LUFKIN, TX (KTRE) - The last teacher hired at a former segregated Lufkin school is the first recipient of the Rev. Bettie R. Kennedy Racial Equality Award.
An unusual celebration Tuesday right in the middle of city hall – all in the name of a Lufkin legend.
"She's smiling down," said Bettie Kennedy Watts, daughter of the late Rev. Kennedy.
Bettie Kennedy smiling down today on the city where she worked tirelessly…
"You know, this is our first Black History Month without her and so we just want it to carry on. To know who you are, know your history and know who you belong to," Watts said.
That legacy shinning bright as ever today – this time – in the form of a racial equality award.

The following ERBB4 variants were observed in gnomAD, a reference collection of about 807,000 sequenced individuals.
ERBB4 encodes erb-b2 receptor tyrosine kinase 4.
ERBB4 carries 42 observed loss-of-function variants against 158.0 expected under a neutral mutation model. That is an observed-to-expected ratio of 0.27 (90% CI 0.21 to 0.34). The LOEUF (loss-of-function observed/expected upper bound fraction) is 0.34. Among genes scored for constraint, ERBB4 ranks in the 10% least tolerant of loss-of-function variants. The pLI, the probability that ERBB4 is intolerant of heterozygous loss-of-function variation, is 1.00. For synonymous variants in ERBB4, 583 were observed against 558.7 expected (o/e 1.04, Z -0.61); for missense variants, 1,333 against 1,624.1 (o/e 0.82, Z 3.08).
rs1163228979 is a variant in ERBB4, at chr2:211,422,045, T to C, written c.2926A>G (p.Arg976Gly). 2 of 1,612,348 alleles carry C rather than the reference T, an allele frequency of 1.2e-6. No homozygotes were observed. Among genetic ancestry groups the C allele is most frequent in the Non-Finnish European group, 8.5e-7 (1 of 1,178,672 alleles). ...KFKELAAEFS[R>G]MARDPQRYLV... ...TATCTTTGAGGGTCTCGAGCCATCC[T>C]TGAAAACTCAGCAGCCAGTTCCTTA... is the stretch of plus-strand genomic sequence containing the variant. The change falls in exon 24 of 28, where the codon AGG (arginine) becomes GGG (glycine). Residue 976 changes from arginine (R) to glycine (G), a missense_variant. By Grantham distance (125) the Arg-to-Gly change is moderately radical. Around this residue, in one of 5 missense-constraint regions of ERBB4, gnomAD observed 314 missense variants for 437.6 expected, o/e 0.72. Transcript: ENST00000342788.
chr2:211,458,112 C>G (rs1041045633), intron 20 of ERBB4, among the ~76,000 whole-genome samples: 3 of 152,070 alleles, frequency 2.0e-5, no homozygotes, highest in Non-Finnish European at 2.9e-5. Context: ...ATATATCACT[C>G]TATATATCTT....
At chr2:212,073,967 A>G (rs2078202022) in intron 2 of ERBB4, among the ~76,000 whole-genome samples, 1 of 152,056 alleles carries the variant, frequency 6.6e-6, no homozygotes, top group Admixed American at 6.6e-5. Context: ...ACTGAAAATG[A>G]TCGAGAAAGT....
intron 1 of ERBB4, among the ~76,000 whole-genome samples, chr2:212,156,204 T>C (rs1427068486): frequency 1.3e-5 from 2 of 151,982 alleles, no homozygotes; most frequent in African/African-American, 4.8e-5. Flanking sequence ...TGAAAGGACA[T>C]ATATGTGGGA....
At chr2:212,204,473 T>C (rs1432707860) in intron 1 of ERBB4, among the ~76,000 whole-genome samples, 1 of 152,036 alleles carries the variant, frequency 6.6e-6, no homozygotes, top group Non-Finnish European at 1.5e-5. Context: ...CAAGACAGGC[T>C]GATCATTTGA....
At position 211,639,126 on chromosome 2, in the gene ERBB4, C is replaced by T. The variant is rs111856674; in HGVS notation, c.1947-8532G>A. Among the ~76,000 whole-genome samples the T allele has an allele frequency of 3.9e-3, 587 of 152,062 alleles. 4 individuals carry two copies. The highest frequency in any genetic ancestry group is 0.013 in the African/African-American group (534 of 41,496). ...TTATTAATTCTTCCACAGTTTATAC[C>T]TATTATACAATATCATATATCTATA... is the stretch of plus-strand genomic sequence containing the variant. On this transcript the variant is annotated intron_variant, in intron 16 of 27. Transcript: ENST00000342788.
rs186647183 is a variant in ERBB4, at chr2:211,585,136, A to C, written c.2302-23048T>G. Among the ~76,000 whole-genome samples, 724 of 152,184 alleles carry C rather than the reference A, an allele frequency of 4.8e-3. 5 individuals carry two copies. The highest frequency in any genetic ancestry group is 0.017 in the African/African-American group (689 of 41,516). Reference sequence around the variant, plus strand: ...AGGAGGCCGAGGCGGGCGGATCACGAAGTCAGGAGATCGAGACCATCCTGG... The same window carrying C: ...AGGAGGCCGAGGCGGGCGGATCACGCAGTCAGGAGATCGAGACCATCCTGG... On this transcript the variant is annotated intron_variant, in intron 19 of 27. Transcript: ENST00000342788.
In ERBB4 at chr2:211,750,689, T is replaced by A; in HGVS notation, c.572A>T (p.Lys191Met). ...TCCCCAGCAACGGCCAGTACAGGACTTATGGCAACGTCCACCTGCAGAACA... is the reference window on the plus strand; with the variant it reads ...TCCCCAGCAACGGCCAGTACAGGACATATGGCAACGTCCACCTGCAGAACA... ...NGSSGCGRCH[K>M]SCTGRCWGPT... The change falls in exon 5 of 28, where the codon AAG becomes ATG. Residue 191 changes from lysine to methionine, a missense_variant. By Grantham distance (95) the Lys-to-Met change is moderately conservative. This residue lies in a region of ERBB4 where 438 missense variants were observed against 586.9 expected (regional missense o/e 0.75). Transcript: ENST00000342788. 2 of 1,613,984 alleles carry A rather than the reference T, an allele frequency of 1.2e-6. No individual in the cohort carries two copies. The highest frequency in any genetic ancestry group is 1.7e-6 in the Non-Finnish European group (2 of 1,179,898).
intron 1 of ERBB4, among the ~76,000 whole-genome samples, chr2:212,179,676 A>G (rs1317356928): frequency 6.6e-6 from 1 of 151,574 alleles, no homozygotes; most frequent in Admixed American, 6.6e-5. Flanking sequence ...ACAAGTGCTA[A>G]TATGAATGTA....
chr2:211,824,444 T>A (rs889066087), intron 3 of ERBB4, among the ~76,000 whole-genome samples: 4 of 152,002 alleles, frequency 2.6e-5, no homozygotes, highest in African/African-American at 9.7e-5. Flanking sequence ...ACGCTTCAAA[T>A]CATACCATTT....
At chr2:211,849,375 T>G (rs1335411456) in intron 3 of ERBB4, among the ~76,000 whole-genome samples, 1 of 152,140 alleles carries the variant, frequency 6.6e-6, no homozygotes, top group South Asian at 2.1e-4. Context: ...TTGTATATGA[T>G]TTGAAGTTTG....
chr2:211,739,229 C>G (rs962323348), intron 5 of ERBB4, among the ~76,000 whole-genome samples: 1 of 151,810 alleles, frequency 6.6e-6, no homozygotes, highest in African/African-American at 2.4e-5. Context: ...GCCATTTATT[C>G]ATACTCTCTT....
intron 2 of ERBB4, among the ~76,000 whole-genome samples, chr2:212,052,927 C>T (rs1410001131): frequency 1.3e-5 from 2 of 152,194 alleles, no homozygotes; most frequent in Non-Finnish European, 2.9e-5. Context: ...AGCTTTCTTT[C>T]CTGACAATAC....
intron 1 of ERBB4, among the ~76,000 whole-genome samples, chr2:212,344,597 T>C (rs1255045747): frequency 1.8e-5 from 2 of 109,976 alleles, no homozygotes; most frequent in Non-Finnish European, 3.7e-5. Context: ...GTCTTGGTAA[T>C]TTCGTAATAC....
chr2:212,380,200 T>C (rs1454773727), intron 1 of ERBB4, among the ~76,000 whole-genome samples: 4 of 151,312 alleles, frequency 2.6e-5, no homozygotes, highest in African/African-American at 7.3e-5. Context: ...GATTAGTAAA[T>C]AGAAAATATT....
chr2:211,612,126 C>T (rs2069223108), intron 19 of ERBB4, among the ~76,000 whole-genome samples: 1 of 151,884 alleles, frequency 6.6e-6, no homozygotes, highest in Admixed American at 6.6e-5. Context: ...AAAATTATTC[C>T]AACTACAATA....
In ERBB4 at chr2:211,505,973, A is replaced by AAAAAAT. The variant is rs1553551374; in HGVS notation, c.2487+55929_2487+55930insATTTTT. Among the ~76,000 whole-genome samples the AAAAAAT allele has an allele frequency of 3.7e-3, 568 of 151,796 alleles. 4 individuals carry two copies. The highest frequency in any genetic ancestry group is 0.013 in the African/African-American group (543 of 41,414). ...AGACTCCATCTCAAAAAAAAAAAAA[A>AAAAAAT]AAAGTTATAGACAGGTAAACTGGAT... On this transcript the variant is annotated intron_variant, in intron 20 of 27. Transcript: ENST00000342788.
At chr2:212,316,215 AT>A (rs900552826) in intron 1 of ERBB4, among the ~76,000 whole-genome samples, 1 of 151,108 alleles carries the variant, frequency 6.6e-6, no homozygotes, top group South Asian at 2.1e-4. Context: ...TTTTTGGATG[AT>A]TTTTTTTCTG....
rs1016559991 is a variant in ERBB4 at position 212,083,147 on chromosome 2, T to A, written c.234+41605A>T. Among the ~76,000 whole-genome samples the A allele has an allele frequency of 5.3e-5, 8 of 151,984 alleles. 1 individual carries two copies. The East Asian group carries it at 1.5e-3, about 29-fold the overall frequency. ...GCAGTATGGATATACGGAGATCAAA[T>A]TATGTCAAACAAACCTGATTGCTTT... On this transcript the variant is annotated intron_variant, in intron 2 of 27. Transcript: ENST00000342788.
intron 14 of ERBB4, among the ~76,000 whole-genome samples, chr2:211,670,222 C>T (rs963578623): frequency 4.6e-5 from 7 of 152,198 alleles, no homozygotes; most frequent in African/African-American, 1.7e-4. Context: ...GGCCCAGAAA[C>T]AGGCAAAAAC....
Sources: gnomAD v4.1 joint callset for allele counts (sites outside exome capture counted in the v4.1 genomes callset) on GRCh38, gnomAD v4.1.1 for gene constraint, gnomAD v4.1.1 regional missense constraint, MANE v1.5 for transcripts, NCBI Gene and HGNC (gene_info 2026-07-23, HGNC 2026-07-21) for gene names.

"Totally surprised! Had no clue, none at all," said Carol Pierre, award recipient.
Pierre received the first ever 'Rev. Bettie Kennedy Racial Equality Award'. Instrumental for her work of breaking down racial barriers and always wanting better for herself.
"At least say I can do that, have confidence in yourselves that 'I don't have to just sit here and wait," Pierre said.
Kennedy and Pierre, each icons in their own right, often side-by-side in the fight for equality.
"A lot of tears have been shed, a lot of memories. She not only touched our life, but she touched so many other lives," Watts said.
Pierre was the last teacher hired at Dunbar Primary School in February 1970. That school wouldn't integrate until 7 months later in September.
The push now, greater than ever, to make sure Rev. Kennedy's legacy lives on.
"I pray they don't forget. Mom was an historian and she wanted you to know your history. And so, we just pray that her legacy will continue," Watts said.